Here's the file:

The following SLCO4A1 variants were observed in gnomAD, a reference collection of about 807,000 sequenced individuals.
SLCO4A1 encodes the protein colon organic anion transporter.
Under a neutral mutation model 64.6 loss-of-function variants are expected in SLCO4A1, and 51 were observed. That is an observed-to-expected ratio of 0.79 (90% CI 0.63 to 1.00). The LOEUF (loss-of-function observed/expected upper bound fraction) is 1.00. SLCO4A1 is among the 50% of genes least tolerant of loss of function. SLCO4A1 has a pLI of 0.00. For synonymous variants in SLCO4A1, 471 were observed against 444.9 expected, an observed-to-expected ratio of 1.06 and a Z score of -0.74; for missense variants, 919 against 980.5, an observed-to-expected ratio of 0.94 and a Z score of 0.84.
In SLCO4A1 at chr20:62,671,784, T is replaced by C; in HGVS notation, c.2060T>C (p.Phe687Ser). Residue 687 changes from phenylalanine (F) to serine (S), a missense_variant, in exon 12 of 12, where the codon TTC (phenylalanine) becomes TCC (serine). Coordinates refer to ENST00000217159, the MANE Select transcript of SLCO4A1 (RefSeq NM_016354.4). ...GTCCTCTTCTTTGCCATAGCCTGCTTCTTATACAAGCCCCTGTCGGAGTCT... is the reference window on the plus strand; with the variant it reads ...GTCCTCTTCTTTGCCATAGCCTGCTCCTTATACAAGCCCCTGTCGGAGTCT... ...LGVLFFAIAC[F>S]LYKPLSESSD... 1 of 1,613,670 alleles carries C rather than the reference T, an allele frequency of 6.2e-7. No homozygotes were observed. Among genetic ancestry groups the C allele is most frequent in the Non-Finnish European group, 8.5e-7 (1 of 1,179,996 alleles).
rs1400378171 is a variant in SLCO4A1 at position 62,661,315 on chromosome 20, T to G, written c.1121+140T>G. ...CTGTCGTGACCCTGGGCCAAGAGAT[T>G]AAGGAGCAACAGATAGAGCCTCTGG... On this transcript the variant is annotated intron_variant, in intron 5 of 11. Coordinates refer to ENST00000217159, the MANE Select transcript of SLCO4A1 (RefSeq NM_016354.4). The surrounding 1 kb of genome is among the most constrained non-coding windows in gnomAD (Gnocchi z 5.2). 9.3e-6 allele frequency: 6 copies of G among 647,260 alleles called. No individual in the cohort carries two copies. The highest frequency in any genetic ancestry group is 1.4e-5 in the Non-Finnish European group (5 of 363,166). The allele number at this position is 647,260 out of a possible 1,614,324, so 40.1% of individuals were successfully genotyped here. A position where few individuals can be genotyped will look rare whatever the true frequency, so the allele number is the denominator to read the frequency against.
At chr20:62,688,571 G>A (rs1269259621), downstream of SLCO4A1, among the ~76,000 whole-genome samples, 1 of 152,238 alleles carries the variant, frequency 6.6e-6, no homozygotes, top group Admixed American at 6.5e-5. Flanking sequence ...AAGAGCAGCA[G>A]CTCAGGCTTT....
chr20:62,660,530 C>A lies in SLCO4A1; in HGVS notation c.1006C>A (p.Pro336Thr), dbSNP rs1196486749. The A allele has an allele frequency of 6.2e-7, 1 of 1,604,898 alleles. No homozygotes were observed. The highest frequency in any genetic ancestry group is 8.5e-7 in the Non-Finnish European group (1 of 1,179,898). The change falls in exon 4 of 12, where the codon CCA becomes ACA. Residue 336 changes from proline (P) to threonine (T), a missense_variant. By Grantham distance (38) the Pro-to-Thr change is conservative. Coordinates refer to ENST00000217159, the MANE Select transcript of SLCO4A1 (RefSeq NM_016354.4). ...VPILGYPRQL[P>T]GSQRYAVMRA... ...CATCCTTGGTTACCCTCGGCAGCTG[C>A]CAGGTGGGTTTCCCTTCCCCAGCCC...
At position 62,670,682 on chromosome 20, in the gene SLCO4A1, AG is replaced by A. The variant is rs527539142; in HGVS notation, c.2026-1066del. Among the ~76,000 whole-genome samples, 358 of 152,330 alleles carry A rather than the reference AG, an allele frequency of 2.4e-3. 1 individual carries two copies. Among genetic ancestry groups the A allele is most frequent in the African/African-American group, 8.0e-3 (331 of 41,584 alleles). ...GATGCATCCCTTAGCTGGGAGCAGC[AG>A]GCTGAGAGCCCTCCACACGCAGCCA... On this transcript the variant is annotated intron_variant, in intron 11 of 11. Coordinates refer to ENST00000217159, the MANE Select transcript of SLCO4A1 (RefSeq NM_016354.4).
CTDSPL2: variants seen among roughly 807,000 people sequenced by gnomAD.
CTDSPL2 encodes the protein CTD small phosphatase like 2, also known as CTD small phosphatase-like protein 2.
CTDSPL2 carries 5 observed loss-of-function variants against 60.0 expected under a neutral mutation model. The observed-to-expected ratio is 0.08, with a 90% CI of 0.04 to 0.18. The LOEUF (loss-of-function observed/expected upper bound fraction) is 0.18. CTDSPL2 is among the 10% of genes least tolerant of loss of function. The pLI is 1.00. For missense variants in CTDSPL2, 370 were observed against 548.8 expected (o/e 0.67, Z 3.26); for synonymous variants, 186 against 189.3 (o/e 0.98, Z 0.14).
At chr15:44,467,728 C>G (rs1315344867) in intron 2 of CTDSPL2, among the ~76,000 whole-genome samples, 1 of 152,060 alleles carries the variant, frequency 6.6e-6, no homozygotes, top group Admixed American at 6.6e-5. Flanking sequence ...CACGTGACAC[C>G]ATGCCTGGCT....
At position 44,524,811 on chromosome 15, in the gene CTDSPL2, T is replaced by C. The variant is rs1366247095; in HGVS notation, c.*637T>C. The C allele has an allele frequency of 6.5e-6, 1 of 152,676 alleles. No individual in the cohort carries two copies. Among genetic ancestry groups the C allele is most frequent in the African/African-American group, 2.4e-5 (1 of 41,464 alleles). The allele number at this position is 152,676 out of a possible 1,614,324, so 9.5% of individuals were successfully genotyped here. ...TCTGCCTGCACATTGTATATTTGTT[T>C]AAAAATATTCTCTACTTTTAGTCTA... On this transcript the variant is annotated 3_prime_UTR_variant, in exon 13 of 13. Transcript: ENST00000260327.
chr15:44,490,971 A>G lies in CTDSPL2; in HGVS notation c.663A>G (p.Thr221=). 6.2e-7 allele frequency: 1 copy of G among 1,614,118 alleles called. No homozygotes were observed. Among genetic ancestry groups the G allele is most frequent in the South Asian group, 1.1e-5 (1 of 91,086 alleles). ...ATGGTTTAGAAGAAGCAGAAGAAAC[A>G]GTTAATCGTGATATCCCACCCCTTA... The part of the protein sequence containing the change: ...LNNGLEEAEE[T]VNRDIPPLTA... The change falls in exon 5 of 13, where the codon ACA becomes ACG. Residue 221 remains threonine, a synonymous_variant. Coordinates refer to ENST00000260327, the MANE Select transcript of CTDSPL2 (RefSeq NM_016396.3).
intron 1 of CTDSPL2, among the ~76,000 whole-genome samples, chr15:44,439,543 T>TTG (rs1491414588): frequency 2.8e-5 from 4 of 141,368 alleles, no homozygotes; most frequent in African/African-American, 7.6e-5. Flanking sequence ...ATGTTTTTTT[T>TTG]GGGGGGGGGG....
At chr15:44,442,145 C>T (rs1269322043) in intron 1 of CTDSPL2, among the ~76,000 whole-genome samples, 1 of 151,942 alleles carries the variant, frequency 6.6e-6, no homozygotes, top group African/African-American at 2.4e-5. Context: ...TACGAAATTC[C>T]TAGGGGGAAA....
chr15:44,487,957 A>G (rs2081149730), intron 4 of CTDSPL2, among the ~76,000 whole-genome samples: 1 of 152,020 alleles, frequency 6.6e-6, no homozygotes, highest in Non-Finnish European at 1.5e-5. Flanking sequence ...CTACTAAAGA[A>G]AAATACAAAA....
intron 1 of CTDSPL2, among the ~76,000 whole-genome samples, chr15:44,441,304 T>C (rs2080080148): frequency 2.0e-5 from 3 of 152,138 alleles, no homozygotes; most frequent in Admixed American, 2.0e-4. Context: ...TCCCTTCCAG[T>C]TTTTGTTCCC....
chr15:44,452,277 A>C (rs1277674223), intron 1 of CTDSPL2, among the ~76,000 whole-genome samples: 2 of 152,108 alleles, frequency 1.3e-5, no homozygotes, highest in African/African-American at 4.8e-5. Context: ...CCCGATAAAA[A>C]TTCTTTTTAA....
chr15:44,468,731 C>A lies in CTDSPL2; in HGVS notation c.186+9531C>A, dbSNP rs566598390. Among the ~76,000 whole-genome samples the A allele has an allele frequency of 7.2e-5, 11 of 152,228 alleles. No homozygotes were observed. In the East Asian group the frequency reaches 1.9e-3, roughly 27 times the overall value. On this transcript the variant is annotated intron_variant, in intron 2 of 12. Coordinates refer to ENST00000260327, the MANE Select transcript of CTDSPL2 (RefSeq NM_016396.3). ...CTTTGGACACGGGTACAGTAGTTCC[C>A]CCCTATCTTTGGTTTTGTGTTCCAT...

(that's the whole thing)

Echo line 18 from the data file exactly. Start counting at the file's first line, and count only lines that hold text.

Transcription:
intron 1 of CTDSPL2, among the ~76,000 whole-genome samples, chr15:44,441,304 T>C (rs2080080148): frequency 2.0e-5 from 3 of 152,138 alleles, no homozygotes; most frequent in Admixed American, 2.0e-4. Context: ...TCCCTTCCAG[T>C]TTTTGTTCCC....